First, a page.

Can't I just have an old-school blued steel M19 without an internal lock, ports or a glow-in-the-dark sight? How about an Series 70 1911 with a Commander hammer, beavertail safety, no stupid front-serrations and no newfangled exrternal extractor? I think I will have to build it myself because unless I pay Les Baer a zillion dollars, it won't come out at an affordable price. Don't give a hoot about an hi-tech unobtanium gun either. If it weren't for CZ the current crop of new handguns would be a vast wasteland.

    The most recent handgun I aquired was made in 1989 from a 1970's design. It's a CZ.

    I am glad I have a C&R license. I can always find an old-time gun to fill a slot in my working gun collection.

    I have no idea who the gunmakers are listening to. But it isn't me.

    This is my opinion. Your opinion may vary.

    ZM
     
  19. Walter

    Walter Member

    Joined:
    Dec 30, 2004
    Messages:
    355
    Location:
    TEXAS
    alduro

    Yep. Beretta and Walther.

    You could say the same for Beretta.

    I think Walther feels about the same.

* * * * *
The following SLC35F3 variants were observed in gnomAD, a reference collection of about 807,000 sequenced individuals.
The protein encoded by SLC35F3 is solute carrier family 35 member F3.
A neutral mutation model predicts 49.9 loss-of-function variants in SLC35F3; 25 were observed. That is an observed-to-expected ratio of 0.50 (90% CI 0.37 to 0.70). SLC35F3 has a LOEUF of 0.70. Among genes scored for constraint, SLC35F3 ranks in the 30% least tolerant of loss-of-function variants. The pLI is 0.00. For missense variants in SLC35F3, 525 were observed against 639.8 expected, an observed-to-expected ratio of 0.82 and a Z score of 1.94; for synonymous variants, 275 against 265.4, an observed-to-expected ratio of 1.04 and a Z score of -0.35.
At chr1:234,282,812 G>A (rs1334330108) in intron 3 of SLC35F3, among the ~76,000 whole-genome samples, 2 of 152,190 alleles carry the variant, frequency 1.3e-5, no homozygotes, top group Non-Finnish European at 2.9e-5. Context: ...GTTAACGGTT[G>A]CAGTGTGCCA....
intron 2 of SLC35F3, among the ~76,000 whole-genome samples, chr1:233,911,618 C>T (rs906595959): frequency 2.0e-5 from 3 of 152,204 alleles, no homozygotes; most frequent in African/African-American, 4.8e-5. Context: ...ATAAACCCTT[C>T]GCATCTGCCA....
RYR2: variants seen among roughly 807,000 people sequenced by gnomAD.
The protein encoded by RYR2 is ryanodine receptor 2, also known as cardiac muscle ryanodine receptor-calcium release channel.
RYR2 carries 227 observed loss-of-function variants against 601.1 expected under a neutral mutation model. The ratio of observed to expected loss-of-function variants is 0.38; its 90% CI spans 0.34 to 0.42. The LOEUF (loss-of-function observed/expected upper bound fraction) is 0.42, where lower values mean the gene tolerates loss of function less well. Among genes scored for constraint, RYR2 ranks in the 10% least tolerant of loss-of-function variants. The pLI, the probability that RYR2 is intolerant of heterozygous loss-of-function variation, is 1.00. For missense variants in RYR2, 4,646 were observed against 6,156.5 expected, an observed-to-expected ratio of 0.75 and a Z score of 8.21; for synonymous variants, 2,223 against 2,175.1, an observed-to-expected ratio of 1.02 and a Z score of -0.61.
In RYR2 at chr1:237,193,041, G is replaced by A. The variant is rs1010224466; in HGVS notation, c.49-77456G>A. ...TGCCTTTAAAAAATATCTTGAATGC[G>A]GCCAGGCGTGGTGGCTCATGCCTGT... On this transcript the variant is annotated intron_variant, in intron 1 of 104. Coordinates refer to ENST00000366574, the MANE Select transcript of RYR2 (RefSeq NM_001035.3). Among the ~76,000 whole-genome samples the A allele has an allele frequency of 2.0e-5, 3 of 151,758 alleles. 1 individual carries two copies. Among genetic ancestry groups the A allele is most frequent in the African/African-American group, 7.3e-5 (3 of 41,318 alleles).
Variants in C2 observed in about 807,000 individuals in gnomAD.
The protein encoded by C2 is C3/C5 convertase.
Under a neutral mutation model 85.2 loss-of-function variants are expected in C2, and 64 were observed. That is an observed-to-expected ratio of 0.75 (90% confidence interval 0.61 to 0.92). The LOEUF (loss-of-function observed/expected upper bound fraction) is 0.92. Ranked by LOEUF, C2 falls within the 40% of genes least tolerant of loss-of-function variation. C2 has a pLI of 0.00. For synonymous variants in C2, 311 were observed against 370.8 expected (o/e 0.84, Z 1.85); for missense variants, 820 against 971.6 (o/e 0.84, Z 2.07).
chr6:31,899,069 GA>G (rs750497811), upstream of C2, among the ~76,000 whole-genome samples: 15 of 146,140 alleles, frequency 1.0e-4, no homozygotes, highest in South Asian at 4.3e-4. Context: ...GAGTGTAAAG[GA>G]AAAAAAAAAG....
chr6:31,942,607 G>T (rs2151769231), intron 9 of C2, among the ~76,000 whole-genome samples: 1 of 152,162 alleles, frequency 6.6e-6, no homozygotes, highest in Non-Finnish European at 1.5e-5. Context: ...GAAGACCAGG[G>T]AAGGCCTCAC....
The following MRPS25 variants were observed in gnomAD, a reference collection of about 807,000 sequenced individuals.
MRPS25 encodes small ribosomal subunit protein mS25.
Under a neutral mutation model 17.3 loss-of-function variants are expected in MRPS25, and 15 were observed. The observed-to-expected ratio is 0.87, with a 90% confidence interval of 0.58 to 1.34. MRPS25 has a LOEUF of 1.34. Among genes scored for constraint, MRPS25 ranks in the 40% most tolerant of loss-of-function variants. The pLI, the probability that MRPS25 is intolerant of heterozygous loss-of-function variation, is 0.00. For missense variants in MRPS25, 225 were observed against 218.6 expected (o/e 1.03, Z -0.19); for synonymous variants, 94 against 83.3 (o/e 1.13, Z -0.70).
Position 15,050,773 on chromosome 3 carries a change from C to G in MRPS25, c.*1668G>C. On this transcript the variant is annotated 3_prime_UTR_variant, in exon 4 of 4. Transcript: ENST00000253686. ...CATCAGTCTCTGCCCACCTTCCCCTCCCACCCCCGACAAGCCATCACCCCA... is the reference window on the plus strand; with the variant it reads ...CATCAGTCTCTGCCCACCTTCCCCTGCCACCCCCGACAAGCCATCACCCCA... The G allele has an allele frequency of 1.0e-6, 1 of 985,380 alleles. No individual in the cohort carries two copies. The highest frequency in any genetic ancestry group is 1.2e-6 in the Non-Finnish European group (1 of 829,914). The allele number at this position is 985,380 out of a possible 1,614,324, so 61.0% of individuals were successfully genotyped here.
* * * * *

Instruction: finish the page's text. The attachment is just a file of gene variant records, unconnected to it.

Taurus, Walther, Colt, Smith, Ruger, Browning, etc. Six of one, half-
    dozen of the other. That applies to them all, in my opinion.

    Walter
     
  20. Double Naught Spy

    Double Naught Spy Sus Venator

    Joined:
    Dec 24, 2002
    Messages:
    9,563
    Location:
    Forestburg, Texas
    Does the gun industry pay attention to us (gun owners and buyers). Not nearly enough.

    Why? In general, they have little incentive to change what they are doing and they have little incentive because so many gun owners are willing to buy crap. If customers will buy crap, then why would gun companies go out of their way to change things?

    One example that comes to mind is Colt 1911 pistols. Apparently during the 70s, 80s, and early 90s, Colt 1911s had some QC problems, or at least many did, and yet, people kept buying them. Some of the justification I have heard about buying those Colts is that "If it isn't a Colt, then it is just a copy." So, they drew attention away from QC problems by convincing folks that copies would not be the way to go.
     
  21. JohnBT

    JohnBT Member

    Joined:
    Dec 26, 2002